1. Here is the other thing. You have to be a good programer to be able to recognize another good programer. The idiots in charge of this thing are not programers. So they were of course easily taken in by the first young, hip looking, prog bullshit artist. It is no surprise at all that they hired idiot programers. It would have been remarkable if they hadn’t.

          1. That’s why, around here, guess who interviews potential developer hires? I have to sit in on one next week, and there won’t be one person in that room who is not a developer.

  8. Doesn’t matter. Just a supposed glitch. And Bush made him do it. Obo can do no wrong.

  9. But – seriously – how could anyone have foreseen this problem? The government’s so complex, how could a President possibly know what’s going on everywhere, or have the ability to control the bureaucracy?

    Cause – complexity?

    That’s why we need to give the President MORE power. So he can manage all this complexity. Cause – FORWARD!

    1. The real complexity comes from automating the subsidy system, something that has never been tried before anywhere. Trying to get a computer to automatically decide how to interpret 1,000 pages (or however much it is) of regulations is insane.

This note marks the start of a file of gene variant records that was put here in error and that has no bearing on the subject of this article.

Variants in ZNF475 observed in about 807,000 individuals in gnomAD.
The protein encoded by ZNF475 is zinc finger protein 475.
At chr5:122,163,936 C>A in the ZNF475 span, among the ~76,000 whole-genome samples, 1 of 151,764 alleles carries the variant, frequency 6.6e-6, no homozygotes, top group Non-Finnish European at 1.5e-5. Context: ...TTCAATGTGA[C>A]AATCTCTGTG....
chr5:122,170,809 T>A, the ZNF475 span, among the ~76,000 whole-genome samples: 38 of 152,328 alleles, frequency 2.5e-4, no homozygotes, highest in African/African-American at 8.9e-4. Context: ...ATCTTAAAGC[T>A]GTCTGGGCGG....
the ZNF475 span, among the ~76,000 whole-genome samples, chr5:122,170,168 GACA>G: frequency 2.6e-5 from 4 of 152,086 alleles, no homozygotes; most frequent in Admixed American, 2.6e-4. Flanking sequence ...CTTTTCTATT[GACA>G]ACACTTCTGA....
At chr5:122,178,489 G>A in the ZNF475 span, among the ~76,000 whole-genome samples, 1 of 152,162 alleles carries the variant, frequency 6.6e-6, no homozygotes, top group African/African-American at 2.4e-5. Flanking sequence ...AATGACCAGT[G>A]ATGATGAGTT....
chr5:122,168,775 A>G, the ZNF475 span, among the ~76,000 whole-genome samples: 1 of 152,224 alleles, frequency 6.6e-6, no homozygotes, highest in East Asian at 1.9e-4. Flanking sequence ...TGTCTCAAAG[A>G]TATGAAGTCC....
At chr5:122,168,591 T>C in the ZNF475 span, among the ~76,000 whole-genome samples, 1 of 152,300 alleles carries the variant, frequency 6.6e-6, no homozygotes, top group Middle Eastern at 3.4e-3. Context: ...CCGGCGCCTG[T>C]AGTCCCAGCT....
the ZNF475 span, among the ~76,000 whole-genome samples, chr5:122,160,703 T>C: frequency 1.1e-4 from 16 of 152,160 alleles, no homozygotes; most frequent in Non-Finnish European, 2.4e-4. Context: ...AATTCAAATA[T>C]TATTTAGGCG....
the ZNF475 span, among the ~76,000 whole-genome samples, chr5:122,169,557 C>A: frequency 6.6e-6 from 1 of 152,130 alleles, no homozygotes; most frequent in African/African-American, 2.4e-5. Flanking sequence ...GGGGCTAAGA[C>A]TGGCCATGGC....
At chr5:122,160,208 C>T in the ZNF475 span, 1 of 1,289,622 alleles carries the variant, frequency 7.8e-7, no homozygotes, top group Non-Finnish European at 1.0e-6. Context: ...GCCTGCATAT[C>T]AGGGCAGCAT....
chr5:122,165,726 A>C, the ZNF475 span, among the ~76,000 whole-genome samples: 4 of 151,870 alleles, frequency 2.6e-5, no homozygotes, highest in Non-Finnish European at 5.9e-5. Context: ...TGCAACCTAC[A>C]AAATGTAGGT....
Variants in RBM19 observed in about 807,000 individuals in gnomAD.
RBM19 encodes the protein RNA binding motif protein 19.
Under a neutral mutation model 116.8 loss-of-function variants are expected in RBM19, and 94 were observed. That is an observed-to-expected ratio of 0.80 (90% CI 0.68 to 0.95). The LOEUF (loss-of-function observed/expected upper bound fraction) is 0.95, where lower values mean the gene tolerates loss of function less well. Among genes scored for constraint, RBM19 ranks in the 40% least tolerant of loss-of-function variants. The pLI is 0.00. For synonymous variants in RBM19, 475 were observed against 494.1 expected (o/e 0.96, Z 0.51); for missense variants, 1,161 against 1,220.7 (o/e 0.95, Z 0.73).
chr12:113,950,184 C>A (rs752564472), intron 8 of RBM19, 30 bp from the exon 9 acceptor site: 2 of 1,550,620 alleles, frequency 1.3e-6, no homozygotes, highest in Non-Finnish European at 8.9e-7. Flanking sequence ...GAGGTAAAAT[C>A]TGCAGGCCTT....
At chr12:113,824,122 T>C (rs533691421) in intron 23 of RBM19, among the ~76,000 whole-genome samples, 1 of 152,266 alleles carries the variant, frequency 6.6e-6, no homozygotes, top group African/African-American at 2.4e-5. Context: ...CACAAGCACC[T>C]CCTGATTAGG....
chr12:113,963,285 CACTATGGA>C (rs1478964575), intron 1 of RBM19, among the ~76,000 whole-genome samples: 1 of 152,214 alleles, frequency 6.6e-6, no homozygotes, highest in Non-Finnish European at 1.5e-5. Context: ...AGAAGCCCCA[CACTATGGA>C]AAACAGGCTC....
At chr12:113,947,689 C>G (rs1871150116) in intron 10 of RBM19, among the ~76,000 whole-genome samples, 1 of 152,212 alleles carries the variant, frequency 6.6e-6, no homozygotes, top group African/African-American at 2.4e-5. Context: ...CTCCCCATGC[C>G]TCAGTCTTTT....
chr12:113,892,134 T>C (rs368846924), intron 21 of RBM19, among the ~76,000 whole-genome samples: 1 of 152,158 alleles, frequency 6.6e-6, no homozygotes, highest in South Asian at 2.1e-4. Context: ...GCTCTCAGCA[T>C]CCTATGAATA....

10. If you think this is screwed up, wait until the government is actually managing the healthcare of a nation with over 300 million people, all the while expanding into every other thing possible. It’s going to be a blast.

    1. Oh yeah. These really are the launch day glitches.

      It gets worse. Wait till you see what the catastrophic failures look like.

  11. If you ever want to read something funny, do a google search and read some of the media puff pieces from 12 and 13 about the team of top men who were building these exchanges. They were young and so amazing they could apparently do anything. In light of this train wreck, those puff pieces are hysterical to read now.

    1. In government, anyone can magically become anything they want to, just by virtue of kissing the right persons butt for long enough. Once you’ve kissed the right amount of butt, you can be an expert on anything, and when you fail miserably at that, you just magically become an expert at the next available top job.